The four biggest hedge fund launches of 2018 have attracted more than $17bn, according to figures compiled by the FT. That compares with the $13.7bn investors have put in existing funds, according to data from eVestment. from FT Hedge fund stars rake in billions for new funds
Many may know the 80/20 rule-of-thumb for economics, the Pareto Principle. In businesses, 80% of the profits are generated from 20% of the customers. The power law is everywhere and the hedge fund industry is no different. A few firms hold the majority of money. The performance of managers is often positively skewed because poor performer close. Most firms fail.
Most new money goes to a few firms, as is the case in 2018. Behaviorally, investors want to be with smart money which is naturally supposed to be with new big start-ups. Money flows create a herding effect, which perpetuate the power law.
However, data on performance suggest that small firms do better than large firms. The power law with size or launches may not match the fat tails or power law in performance. This shows the complexity or non-linearity within the hedge fund industry. Following the flow or size crowd will not lead to riches in return. A power law in one dimension, size, does not strongly correlated with another dimension return.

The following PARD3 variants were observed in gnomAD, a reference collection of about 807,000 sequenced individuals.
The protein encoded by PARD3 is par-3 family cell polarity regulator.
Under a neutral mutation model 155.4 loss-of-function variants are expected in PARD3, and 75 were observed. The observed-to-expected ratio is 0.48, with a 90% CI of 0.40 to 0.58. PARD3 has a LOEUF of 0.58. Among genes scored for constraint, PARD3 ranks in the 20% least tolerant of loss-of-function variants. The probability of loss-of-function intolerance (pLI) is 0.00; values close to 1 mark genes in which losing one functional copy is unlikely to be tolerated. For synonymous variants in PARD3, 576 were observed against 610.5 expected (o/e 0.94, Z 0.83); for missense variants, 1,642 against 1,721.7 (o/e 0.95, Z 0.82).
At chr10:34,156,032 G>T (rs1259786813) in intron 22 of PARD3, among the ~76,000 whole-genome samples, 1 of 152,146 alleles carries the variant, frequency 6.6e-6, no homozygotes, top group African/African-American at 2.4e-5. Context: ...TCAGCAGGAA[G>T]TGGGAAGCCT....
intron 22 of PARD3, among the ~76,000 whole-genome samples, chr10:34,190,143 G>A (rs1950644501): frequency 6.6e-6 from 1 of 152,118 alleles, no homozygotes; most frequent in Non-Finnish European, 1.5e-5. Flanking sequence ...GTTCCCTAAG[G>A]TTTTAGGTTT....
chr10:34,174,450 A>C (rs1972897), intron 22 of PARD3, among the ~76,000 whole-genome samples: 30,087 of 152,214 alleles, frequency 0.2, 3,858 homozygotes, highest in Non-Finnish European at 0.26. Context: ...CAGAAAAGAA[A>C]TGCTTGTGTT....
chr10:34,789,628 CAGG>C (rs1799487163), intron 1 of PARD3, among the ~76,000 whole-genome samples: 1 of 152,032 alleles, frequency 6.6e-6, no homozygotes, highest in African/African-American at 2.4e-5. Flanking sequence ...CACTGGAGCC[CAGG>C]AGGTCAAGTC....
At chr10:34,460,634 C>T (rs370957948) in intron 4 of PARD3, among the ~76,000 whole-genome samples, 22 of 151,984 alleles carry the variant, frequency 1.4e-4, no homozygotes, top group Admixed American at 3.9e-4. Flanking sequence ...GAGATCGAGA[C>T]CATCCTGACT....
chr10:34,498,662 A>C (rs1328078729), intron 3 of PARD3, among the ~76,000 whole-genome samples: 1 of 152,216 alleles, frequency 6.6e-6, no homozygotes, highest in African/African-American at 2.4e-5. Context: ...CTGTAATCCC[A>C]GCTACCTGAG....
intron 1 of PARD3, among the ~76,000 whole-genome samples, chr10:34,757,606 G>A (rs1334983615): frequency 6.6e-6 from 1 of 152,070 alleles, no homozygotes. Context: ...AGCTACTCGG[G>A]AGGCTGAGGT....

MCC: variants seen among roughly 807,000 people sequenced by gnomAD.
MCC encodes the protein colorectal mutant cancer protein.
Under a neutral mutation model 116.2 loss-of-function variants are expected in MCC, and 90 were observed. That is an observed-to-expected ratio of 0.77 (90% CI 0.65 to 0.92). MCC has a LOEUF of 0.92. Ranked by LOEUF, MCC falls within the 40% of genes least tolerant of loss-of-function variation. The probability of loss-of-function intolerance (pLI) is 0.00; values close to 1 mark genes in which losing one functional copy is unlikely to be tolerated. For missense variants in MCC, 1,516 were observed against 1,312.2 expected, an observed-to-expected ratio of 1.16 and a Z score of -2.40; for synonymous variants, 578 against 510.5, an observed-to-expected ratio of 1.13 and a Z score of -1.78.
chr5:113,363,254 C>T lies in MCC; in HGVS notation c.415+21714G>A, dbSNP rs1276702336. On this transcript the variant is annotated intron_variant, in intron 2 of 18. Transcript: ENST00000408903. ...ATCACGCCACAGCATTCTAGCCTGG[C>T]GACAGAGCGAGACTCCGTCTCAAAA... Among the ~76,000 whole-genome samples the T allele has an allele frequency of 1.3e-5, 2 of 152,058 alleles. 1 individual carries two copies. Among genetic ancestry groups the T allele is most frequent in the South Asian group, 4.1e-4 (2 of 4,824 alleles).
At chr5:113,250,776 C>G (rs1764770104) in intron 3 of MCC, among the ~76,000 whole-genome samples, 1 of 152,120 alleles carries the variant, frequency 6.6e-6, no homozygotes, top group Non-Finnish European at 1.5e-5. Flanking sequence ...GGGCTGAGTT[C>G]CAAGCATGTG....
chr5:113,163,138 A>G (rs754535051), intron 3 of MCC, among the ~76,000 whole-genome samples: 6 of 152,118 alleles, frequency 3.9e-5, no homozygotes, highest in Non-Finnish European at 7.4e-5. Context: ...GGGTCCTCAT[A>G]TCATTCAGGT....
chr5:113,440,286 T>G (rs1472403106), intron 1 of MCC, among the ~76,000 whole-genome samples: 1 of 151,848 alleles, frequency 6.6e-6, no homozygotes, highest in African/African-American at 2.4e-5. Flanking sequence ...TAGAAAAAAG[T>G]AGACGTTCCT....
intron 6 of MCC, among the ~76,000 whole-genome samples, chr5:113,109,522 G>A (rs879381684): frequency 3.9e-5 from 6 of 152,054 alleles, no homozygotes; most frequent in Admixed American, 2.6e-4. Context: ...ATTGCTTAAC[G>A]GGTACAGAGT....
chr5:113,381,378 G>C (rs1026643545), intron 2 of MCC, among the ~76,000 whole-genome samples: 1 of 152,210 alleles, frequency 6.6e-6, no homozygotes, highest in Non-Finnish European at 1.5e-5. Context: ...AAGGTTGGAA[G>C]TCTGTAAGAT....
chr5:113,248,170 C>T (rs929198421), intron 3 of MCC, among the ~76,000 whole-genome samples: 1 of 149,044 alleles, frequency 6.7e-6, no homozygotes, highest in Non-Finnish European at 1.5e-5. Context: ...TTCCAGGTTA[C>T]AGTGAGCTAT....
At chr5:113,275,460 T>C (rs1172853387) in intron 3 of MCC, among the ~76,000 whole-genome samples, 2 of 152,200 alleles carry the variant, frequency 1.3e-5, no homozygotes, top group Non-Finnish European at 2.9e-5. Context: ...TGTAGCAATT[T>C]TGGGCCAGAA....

Nevertheless, the dynamic nature of the hedge fund industry means there are constant launches and liquidations so that picking hedge funds is like venture capital investing. A few winners are offset by a larger number of losers. A key process for due diligence and investing is finding the potential size/return trade-off maximum. Using managers that are too small, while potentially generating higher returns, may increase the exposure to firm failure. Using managers that are too large may reduce firm risk but may place a drag on performance. The power law in size may not signal quality.